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Is the Bible’s inerrancy limited to matters pertaining to salvation?


I read a book by a Scripture scholar who said the Bible is inerrant only in religious matters that pertain to our salvation. He quoted Vatican II as the source of this "limited inerrancy" doctrine.


The documents of Vatican II don’t limit biblical inerrancy to religious truths necessary for salvation or even to religious matters in general.

The Constitution on Divine Revelation (Dei Verbum), states, “Therefore, since everything asserted by the inspired authors or sacred writers must be held to be asserted by the Holy Spirit, it follows that the books of Scripture must be acknowledged as teaching solidly, faithfully, and without error that truth which God wanted put into the sacred writings for the sake of our salvation” (11).

Proponents of “limited inerrancy” claim this last clause is restrictive: Inerrancy extends only to things pertaining to our salvation. Whether or not this is the case (such a reading isn’t required by the Latin), the “limited inerrancy” position is still weak.

First, even granting (though not conceding) that Dei Verbum restricts inerrancy to matters of salvation, this isn’t the same as limiting it to religious or moral truths. Historical or scientific assertions made “for the sake of our salvation” would be inerrant too.

Second, the theological commission at the Council stated that the term salutaris (“for the sake of our salvation”) doesn’t mean that only the salvific truths of the Bible are inspired or that the Bible as a whole isn’t the Word of God. (See A. Grillmeier’s “The Divine Inspiration and Interpretation of Sacred Scripture” in H. Vorgrimler, ed., Commentary on the Documents of Vatican II, vol. III, p. 213.)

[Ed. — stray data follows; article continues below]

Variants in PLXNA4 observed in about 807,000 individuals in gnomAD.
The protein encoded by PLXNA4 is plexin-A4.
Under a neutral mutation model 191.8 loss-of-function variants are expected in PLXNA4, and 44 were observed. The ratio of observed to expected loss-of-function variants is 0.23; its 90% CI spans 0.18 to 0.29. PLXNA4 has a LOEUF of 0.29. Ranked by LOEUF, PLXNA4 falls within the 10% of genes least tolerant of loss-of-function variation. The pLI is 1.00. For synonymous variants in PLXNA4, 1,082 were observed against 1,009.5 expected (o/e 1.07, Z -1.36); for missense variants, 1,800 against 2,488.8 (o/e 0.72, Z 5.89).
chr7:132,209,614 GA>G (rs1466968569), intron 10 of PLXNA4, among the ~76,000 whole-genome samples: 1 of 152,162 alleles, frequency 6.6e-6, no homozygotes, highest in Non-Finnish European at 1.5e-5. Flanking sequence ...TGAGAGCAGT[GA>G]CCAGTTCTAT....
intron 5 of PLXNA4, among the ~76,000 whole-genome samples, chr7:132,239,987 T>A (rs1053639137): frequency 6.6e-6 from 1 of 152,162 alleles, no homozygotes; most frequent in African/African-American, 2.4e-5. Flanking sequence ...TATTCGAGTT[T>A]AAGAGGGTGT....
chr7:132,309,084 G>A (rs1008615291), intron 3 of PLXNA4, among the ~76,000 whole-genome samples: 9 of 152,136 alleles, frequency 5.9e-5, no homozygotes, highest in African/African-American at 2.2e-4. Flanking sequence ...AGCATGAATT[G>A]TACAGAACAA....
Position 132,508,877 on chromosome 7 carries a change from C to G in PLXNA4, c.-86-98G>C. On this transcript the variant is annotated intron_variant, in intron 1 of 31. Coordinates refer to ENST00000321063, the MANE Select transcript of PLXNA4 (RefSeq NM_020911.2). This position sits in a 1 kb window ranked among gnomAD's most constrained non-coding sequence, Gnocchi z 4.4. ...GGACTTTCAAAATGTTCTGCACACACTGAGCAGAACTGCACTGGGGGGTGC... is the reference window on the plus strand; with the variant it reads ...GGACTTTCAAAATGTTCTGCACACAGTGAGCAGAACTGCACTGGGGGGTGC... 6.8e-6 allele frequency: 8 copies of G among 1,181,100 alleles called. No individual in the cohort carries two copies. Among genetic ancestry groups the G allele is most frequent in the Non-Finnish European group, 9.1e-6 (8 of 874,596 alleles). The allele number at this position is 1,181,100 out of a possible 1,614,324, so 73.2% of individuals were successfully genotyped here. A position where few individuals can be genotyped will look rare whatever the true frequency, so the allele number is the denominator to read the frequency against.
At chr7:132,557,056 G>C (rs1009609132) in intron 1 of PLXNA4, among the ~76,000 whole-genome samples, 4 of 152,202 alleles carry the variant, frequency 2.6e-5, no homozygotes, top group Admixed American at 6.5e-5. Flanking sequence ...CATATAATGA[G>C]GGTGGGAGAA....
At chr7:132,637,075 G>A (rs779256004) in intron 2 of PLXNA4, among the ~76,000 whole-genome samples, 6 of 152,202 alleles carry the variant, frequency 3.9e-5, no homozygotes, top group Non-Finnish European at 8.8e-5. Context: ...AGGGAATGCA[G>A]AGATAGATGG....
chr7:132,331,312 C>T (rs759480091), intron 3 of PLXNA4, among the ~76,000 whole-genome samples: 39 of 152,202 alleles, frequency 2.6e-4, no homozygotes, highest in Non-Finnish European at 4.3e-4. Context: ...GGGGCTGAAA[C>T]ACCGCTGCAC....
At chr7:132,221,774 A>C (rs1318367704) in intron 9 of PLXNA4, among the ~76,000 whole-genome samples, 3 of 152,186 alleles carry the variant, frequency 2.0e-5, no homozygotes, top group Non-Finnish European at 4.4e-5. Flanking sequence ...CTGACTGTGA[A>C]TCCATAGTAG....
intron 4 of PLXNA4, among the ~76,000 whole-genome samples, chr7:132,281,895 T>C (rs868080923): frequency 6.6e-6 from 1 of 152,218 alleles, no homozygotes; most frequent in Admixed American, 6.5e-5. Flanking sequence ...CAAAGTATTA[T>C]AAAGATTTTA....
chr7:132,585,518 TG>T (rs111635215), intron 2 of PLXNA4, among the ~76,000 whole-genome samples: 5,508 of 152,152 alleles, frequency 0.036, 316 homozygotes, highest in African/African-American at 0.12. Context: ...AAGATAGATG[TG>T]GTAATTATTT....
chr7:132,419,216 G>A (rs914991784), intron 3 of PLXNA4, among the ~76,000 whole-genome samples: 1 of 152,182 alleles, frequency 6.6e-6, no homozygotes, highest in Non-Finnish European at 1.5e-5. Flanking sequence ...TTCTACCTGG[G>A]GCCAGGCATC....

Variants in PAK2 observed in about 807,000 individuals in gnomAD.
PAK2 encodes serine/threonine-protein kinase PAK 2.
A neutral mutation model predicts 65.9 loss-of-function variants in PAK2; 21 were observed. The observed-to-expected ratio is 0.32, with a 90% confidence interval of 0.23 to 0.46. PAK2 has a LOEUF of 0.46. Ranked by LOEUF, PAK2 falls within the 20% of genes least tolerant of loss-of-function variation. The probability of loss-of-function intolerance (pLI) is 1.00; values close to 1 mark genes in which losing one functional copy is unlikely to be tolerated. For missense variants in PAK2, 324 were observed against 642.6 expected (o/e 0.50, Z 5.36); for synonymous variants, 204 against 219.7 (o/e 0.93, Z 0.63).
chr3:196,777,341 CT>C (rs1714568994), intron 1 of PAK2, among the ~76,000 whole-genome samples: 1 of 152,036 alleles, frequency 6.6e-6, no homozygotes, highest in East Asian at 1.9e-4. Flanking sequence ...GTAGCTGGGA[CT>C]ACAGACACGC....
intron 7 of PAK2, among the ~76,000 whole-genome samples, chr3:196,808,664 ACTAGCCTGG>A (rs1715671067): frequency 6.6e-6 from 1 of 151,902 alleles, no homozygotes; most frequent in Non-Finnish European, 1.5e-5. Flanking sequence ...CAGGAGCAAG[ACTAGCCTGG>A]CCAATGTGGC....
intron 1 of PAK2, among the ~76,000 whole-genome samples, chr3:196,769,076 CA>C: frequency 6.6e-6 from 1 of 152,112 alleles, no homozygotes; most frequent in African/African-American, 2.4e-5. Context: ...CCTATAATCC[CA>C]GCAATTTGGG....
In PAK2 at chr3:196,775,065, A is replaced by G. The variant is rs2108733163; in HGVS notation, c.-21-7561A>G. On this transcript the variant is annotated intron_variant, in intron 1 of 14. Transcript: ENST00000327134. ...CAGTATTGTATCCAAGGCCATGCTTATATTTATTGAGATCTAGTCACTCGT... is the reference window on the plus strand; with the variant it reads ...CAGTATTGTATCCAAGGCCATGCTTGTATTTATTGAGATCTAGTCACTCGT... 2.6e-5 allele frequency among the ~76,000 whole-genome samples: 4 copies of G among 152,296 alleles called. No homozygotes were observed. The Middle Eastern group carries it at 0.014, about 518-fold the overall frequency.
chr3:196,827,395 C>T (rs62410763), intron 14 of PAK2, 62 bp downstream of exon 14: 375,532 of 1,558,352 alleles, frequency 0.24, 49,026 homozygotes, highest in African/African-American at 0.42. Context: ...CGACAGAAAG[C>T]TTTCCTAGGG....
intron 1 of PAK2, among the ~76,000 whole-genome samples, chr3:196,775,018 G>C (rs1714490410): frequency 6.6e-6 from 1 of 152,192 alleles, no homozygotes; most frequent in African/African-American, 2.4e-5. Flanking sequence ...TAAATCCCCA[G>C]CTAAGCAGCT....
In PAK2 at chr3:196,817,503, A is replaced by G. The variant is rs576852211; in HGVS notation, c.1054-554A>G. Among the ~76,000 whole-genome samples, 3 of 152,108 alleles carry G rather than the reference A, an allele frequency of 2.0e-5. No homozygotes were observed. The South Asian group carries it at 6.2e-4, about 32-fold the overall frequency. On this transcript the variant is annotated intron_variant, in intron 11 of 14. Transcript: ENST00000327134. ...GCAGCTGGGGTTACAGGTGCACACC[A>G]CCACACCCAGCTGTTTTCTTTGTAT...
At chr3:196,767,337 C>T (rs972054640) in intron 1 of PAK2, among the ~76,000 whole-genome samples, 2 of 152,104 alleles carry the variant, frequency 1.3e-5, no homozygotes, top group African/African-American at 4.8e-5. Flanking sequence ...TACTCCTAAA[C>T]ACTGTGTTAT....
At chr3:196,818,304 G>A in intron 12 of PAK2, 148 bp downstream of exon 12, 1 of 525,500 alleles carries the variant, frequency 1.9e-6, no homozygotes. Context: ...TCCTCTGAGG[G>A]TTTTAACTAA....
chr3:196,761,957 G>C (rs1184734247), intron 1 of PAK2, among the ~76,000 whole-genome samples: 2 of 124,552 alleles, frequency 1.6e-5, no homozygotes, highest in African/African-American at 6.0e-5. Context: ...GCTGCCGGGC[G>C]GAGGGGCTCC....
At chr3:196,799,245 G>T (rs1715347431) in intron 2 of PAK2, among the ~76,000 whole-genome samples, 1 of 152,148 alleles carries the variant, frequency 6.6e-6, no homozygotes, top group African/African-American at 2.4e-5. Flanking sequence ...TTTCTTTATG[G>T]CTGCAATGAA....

If the whole of Scripture is inspired, and if what the biblical writer asserts the Holy Spirit asserts, then, unless error is to be attributed to the Holy Spirit or unless the biblical authors assert only religious truths (which isn’t the case–some make historical assertions, such as the historical existence of Jesus), inerrancy can’t be limited to religious truths.

Third, the language of Dei Verbum 11 is taken directly from previous conciliar and papal teaching on the subject. The footnotes to this section refer to Leo XIII’s Providentissimus Deus and Pius XII’s Divino Afflante Spiritu, documents which reject the idea that inerrancy is limited to religious matters. It seems unlikely the Council would be teaching a position contrary to these documents.

Although inerrancy isn’t limited to religious truths which pertain to salvation but may include non-religious assertions by the biblical authors, this doesn’t mean Scripture is an inspired textbook of science or history. Inerrancy extends to what the biblical writers intend to teach, not necessarily to what they assume or presuppose or what isn’t integral to what they assert. In order to distinguish these things, scholars must examine the kind of writing or literary genre the biblical writers employ.

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